Marine Corps CH-53K Passes Air Refueling Tests

A CH-53K King Stallion heavy lift helicopter refuels from a KC-130J over the Chesapeake Bay on April 6. Sikorsky

NAVAL AIR STATION PATUXENT RIVER, Md. — The CH-53K King Stallion aced an air-to-air refueling test this week, successfully demonstrating long-range logistics support capabilities for the U.S. Marine Corps, Naval Air Systems Command said in a release. The 4.5-hour test was accomplished over the Chesapeake Bay with a KC-130J aerial refueling tanker. 

“The aircraft went to the tanker this week and it was very successful, proving it is a long-range vertical logistic workhorse,” said Marine Col. Jack Perrin, H-53 heavy lift helicopters program manager. 

According to the CH-53K test team, the wake survey test assessed the performance of the aircraft when flying behind the tanker in strong, turbulent air. The aircraft’s crew successfully plugged the drogue, a funnel-shaped basket towed behind the KC-130J. These tests were performed at increasing closure rates to ensure the CH-53K can handle the forces on the refueling probe when contacting the drogue during aerial refueling.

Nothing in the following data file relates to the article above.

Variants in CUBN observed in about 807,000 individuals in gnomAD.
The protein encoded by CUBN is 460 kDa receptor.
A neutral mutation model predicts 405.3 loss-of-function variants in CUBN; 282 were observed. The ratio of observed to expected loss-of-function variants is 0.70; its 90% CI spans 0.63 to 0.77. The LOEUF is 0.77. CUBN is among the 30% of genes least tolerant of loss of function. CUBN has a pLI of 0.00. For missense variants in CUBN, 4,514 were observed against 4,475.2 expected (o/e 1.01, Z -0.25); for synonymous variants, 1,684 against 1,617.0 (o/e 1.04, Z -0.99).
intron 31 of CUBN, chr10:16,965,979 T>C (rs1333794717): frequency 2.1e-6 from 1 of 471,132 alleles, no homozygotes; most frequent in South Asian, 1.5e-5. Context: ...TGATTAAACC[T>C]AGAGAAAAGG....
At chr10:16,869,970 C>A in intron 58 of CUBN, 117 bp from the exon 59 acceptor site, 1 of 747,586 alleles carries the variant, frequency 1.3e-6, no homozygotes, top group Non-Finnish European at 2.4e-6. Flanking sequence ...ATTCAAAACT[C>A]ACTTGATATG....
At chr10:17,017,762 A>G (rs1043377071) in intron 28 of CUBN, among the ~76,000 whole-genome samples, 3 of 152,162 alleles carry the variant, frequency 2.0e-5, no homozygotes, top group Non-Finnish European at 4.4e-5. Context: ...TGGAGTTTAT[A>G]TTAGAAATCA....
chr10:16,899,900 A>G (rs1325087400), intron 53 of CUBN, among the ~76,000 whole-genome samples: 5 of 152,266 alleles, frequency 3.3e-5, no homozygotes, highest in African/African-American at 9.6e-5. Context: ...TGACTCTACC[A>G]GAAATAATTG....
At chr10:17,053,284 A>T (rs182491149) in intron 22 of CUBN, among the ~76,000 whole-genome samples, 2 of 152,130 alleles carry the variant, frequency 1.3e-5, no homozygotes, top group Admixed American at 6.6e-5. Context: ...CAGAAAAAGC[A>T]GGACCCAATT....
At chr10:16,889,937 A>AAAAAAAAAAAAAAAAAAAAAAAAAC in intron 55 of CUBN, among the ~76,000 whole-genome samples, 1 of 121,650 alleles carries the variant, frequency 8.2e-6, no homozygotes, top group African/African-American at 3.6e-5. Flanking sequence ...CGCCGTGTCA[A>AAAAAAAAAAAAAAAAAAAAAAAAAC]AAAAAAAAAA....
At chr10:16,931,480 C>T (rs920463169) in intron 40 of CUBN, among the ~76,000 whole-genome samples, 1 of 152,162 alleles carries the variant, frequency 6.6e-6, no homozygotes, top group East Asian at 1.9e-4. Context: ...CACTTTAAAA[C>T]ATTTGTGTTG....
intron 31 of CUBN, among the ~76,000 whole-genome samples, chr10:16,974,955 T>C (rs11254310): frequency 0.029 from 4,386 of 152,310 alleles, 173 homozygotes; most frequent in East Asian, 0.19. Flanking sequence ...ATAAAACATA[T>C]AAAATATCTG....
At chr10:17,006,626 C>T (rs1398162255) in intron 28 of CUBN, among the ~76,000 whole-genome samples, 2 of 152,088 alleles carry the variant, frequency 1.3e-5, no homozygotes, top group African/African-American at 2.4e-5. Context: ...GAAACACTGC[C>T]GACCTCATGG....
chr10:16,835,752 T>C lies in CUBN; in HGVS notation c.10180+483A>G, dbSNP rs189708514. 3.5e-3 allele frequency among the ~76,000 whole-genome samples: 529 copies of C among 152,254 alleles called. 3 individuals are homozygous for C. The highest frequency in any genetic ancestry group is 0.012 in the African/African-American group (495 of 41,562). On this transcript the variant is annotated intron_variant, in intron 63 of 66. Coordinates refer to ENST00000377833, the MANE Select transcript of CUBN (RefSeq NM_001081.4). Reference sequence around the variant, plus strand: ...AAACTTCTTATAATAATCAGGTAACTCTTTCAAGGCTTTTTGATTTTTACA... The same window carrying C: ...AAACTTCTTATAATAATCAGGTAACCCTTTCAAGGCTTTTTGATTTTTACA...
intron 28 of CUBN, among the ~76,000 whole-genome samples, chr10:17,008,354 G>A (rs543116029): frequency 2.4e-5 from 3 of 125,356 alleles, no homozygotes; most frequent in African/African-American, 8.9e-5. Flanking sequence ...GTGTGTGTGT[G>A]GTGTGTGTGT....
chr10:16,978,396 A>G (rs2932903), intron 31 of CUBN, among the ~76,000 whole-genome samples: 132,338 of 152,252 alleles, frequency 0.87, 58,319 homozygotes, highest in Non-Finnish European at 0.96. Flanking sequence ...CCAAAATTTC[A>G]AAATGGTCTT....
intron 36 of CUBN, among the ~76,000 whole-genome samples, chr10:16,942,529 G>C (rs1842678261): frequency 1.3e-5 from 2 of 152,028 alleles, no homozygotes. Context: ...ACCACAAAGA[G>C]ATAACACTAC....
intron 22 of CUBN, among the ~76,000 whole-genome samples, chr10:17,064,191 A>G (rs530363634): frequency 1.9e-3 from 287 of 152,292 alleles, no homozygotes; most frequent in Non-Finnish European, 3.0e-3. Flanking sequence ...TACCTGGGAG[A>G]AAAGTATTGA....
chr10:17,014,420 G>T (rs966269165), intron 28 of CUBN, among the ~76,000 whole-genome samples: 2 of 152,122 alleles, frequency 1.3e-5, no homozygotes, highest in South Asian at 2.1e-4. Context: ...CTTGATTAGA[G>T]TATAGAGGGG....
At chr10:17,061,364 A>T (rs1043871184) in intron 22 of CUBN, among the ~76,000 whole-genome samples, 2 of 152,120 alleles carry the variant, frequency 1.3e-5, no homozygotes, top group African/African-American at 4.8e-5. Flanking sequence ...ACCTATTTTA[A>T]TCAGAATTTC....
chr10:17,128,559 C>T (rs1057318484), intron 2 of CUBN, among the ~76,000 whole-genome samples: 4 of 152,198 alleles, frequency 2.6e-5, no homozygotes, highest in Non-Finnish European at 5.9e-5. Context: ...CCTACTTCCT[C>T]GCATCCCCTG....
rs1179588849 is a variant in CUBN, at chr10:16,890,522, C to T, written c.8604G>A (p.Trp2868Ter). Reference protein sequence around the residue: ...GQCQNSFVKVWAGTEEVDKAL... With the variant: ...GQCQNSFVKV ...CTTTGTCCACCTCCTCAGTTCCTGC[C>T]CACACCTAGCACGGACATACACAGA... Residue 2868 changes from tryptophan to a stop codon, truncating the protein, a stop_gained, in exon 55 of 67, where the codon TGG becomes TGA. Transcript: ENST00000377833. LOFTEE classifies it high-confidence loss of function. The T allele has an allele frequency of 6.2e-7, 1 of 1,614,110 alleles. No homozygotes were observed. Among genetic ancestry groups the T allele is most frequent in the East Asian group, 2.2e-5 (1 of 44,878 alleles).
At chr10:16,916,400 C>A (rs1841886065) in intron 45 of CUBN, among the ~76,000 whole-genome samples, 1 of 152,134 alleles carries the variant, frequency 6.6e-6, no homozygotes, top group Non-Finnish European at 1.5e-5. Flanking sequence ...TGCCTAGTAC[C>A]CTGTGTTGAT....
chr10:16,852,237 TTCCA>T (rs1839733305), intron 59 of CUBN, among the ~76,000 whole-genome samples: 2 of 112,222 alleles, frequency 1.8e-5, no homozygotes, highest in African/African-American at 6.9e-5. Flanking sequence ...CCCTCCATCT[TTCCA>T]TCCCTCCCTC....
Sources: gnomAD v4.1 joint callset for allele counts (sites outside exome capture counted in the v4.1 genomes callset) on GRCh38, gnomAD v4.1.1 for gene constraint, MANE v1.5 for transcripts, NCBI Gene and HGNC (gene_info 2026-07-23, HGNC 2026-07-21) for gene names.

“The aircraft was able to meet the desired performance for all engagements,” Perrin said. “The ‘K’ is the long-range enabler that we need now and into the future.”  

The CH-53K King Stallion continues to execute within the reprogrammed CH-53K timeline, moving toward completion of developmental test, leading to initial operational test and evaluation in 2021 and first fleet deployment in 2023-2024. 

“The successful air-to-air refueling test reinforces the superior capabilities of the CH-53K heavy lift helicopter and its ability to carry more Marines, cargo and equipment over longer ranges and in more challenging environments than any other rotorcraft in the world,” Bill Falk, Sikorsky program director, CH-53K, said in an April 10 release.

“As the only fully marinized heavy lift helicopter, it will allow the Marines the operational flexibility and reach to fly over open waters to complete long-range missions in support of expeditionary advanced base operations.”